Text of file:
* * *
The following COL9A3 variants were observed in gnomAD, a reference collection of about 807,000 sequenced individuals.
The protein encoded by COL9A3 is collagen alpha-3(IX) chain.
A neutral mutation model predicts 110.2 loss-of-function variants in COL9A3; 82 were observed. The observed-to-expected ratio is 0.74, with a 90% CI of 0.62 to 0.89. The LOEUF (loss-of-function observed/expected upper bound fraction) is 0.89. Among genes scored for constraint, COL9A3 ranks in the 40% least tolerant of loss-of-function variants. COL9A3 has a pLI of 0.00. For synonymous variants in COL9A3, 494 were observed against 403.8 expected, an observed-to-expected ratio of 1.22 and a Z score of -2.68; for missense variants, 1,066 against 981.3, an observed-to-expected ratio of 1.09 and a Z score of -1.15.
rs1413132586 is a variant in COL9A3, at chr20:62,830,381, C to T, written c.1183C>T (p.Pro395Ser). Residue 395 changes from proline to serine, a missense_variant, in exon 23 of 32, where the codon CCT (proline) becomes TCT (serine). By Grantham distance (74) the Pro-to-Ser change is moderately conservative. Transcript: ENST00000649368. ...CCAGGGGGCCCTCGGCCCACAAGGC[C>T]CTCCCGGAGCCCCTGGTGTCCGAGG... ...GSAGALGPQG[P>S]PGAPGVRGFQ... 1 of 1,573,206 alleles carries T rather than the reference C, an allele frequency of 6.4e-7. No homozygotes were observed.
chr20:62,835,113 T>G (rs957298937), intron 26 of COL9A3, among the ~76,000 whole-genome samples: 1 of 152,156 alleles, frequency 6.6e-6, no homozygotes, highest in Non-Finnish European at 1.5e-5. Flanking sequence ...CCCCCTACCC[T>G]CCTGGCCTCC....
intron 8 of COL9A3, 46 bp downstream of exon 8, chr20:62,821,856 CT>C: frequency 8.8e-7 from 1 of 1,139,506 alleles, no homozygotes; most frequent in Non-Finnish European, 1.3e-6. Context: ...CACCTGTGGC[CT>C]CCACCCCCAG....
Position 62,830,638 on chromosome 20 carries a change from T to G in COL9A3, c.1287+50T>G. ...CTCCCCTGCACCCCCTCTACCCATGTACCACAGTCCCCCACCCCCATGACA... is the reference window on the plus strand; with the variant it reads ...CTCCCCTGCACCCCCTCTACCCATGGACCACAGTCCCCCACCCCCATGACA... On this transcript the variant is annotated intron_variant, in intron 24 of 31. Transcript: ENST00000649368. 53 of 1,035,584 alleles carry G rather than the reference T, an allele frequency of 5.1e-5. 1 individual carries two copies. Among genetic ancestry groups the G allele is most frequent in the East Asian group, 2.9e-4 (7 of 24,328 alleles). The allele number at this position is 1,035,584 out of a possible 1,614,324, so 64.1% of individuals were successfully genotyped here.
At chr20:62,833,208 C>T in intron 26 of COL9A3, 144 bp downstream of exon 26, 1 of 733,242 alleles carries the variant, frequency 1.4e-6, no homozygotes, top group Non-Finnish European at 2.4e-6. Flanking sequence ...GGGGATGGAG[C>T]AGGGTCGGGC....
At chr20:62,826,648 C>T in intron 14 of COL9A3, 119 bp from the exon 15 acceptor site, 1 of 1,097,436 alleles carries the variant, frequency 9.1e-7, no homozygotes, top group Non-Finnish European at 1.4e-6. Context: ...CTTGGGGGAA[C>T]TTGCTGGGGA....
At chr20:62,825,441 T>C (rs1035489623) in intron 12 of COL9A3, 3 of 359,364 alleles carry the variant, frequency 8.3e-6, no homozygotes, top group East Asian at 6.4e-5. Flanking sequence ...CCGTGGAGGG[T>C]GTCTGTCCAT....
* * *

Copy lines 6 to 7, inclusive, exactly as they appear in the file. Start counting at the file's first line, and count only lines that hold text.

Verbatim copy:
intron 8 of COL9A3, 46 bp downstream of exon 8, chr20:62,821,856 CT>C: frequency 8.8e-7 from 1 of 1,139,506 alleles, no homozygotes; most frequent in Non-Finnish European, 1.3e-6. Context: ...CACCTGTGGC[CT>C]CCACCCCCAG....
Position 62,830,638 on chromosome 20 carries a change from T to G in COL9A3, c.1287+50T>G. ...CTCCCCTGCACCCCCTCTACCCATGTACCACAGTCCCCCACCCCCATGACA... is the reference window on the plus strand; with the variant it reads ...CTCCCCTGCACCCCCTCTACCCATGGACCACAGTCCCCCACCCCCATGACA... On this transcript the variant is annotated intron_variant, in intron 24 of 31. Transcript: ENST00000649368. 53 of 1,035,584 alleles carry G rather than the reference T, an allele frequency of 5.1e-5. 1 individual carries two copies. Among genetic ancestry groups the G allele is most frequent in the East Asian group, 2.9e-4 (7 of 24,328 alleles). The allele number at this position is 1,035,584 out of a possible 1,614,324, so 64.1% of individuals were successfully genotyped here.